Rainfall Patterns

Change iN RAiNFALL pattern is a consequence of global warming. The world's agriculture, especially third world agriculture, depends upon the seasonal rainfall pattern. Recent erratic changes in rainfall pattern lead toward low agriculture production, thus creating food insecurity for an ever-increasing world population. Flood, drought, and famine are the consequences of these changing patterns.

Rainfall pattern means the distribution of rain geographically, temporally, and seasonally. The tropics receive more rainfall than deserts. Cooler places like the poles receive no rainfall, as it is converted to snow before it falls to the ground. Rainfall happens more in a particular time of a year, during a rainy season. In other seasons, rainfall is scant. Therefore, agriculture (rain-fed), worldwide, is planned based on rainfall's natural pattern. Water storages, irrigation networks, and urban water supply systems are designed according to the average annual rainfall. If it rains a lot on a continuous basis for a longer time, there is possibility of flood and subsequent disaster to the infrastructure. No rainfall or little rainfall for a longer period (years) in an inhabited area could lead to drought and famine.

Global warming leads to a near-term collapse of the ocean's thermohaline circulation. Thermohaline circulation is a global ocean circulation pattern that distributes water and heat both vertically, through the water column, and horizontally across the globe. Due to this collapse of thermohaline circulation, warm surface waters move from the tropics to the North Atlantic and extra-warm water surfaces in the Pacific Ocean surrounding the equator. Thus, Western Europe, some parts of Asia, and many parts of the Americas get warmer than normal, and some parts of Europe get cooler rapidly. El Niño and La Niña are examples of this. This latest deviant trend generates dramatic weather impacts, such as rapid cooling in some parts of the world, and greatly diminished rainfall in agricultural and urban areas. UNESCO and other studies found that changes in rainfall pattern could be attributed to the shifts in global wind pattern. These shifts are due to the changes in the ocean surface temperature. Effect of human activity on the surface vegetation is also causing rainfall pattern variation. Widespread deforestation in parts of Africa and Asia is causing scarce rainfall and subsequent drought.

The world's scientific community commonly accepts that global warming has affected rainfall patterns. More precipitation is happening in northern Europe, Canada, and northern Russia, but less in swaths of sub-Saharan Africa, southern India, and southeast Asia. A Canadian research team found with 75 years (1925-99) of rainfall data analyzed through 14 powerful computer models that the Northern Hemisphere's midlatitude (a region of 40 to 70 degrees N) received increased precipitation over the years. It corroborates with the change in thermohaline circulation. The models also showed that in contrast, the Northern Hemisphere's tropics and subtropics (a region between the equator and 30 degrees N) became drier, while the Southern Hemisphere's similar region became wetter. This study was conducted for rainfall patterns over land.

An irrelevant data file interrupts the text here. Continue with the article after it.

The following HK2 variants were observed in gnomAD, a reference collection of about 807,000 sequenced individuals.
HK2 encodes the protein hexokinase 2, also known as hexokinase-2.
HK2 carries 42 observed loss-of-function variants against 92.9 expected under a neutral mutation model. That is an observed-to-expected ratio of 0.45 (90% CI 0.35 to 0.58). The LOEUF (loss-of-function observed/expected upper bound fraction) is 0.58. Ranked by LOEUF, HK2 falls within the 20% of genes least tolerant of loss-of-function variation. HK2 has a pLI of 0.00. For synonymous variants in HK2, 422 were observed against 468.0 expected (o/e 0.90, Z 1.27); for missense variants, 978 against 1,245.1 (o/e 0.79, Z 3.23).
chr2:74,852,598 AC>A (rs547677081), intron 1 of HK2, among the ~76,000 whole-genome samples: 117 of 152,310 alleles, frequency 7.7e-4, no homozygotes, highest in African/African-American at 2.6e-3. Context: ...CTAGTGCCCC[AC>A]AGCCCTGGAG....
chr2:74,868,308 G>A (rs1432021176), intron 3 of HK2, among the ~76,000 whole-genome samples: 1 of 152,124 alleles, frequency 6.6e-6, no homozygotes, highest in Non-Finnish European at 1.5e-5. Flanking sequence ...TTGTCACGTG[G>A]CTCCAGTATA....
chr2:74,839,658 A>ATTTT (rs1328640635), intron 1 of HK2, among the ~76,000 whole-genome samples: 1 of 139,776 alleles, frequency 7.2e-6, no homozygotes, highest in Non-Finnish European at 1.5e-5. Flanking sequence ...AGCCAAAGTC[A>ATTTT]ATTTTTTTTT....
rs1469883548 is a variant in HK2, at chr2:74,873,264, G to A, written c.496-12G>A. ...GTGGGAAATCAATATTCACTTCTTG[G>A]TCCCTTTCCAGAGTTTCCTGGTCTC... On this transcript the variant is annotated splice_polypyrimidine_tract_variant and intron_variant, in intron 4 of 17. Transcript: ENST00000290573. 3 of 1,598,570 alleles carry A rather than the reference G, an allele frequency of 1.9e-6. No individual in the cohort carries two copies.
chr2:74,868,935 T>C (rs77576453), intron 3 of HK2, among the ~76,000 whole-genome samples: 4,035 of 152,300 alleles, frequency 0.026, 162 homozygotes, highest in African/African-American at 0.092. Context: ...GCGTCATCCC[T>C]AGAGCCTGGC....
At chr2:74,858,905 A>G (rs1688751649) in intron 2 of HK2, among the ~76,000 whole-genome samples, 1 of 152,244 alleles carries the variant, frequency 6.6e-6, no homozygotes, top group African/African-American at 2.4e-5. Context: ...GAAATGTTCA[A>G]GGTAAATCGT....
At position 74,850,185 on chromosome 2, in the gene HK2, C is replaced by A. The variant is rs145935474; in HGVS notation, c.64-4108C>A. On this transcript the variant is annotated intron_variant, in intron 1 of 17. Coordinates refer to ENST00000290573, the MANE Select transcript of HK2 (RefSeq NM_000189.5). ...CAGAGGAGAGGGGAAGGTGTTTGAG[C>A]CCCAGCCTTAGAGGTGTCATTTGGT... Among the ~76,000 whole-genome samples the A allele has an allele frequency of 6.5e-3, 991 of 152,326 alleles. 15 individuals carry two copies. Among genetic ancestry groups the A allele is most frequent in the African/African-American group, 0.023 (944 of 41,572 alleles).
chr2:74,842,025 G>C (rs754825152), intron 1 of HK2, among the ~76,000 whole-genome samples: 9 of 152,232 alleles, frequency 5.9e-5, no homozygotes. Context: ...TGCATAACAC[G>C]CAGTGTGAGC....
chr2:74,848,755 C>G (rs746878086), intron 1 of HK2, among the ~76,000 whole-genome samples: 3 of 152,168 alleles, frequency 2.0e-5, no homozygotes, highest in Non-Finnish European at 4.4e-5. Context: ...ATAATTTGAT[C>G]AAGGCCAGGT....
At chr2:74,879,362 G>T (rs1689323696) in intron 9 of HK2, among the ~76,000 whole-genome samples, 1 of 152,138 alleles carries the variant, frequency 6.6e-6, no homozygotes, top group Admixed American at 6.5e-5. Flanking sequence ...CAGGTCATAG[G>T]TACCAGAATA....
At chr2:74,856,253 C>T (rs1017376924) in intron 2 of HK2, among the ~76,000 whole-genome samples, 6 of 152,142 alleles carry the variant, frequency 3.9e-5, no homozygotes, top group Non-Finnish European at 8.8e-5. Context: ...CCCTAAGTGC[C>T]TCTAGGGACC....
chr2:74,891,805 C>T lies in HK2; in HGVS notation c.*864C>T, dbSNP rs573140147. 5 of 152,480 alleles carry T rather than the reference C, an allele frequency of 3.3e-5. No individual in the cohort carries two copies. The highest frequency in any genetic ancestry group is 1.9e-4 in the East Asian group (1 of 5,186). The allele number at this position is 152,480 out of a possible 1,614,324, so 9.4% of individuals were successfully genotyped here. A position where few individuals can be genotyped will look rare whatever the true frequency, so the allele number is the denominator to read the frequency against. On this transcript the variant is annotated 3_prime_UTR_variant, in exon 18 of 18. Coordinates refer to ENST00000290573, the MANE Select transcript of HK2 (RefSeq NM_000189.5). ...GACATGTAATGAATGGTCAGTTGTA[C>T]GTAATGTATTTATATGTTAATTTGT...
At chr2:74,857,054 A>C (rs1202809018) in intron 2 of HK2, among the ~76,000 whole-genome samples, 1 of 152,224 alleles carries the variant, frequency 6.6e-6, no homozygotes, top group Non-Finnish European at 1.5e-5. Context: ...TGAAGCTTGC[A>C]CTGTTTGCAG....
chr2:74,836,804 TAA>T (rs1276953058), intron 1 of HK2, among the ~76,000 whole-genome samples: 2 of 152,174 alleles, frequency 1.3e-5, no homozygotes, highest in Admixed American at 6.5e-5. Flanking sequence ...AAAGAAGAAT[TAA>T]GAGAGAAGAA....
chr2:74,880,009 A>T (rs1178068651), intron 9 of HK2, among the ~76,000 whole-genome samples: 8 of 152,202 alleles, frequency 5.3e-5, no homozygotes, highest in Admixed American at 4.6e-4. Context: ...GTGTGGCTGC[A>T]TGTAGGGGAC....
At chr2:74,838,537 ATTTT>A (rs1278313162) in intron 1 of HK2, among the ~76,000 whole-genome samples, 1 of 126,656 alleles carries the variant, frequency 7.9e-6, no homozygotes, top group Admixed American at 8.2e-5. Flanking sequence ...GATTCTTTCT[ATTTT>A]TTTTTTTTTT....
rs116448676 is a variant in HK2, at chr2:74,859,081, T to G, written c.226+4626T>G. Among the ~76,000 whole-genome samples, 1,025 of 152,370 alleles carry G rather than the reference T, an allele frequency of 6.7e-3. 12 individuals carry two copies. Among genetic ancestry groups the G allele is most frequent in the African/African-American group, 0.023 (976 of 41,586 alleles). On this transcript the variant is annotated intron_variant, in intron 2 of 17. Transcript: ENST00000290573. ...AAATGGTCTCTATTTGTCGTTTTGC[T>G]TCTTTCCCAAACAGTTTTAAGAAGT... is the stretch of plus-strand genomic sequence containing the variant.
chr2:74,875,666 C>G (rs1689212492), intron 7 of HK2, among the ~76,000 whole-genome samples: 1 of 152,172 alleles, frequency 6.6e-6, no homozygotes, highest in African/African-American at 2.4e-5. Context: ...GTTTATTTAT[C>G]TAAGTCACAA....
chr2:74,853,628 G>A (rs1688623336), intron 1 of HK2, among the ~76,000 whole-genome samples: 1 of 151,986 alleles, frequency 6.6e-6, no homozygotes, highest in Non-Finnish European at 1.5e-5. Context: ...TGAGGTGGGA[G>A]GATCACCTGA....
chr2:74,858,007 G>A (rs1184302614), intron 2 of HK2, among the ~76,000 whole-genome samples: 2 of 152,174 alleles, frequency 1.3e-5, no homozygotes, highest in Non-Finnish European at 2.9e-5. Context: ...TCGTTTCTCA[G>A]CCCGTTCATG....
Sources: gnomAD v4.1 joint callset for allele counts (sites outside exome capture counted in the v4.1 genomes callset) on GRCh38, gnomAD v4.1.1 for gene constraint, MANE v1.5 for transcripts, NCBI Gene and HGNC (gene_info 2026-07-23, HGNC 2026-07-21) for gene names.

Researchers claim that a natural pattern of rainfall is good for plant growth, as variable rainfall patterns lead to lower amounts of water in the subsurface level of the soil (in the upper 30 cm.). Variable rainfall patterns also cause plant diversity in a particular land. That means that weeds grow rapidly with variable rainfall. The significance of these changes is evident from recent large-scale failure of the crops, rangelands, and water-supply systems in the world. Mass starvation in Sahelian Africa is the stark proof of this.

Some might argue that changes in rainfall patterns are unfounded due to lack of instrumental records for a large time period. However, studies using indirect methods have proved that global warming, in fact, is causing serious rainfall pattern variability. Tree-ring analysis for predicting rainfall amounts in previous years (hundreds of years back) is one study, which proved that rainfall pattern variability is extensive in recent years.

If this trend continues, environmental managers need to make new decisions about the management of water and land. They need to accurately understand the interannual variability of rainfall and a possibility of runs of dry and wet years, which may cause important changes in runoff, sedimentation, soil erosion, or changes in communities of vegetation and animals, and of the viability of large water resource developments. Rainfall pattern variability would certainly cause mass human migration.

SEE ALSO: Rain; Thermohaline Circulation; Thunderstorms.

BIBILIOGRAPHY. Thomas Dunne and L.B. Leopold, Water in Environmental Planning (W.H. Freeman and Co., 1978); Cheryl Dybas, "Increase in Rainfall Variability Related to Global Climate Change," Earth Observatory, NASA (December 12, 2002); "Global Warming has Already Changed World's Rainfall Patterns," Com-monDreams.org (cited July 2007); UNESCO, "Changes in Climate," Arid Zone Research (v.20, 1963); Warren Viessman, Jr., and G.L. Lewis, Introduction to Hydrology (Prentice Hall, 2003).

SUDHANSHU SEKHAR PANDA Gainesville State College

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    What cause pattern of rainfall changes in a region?
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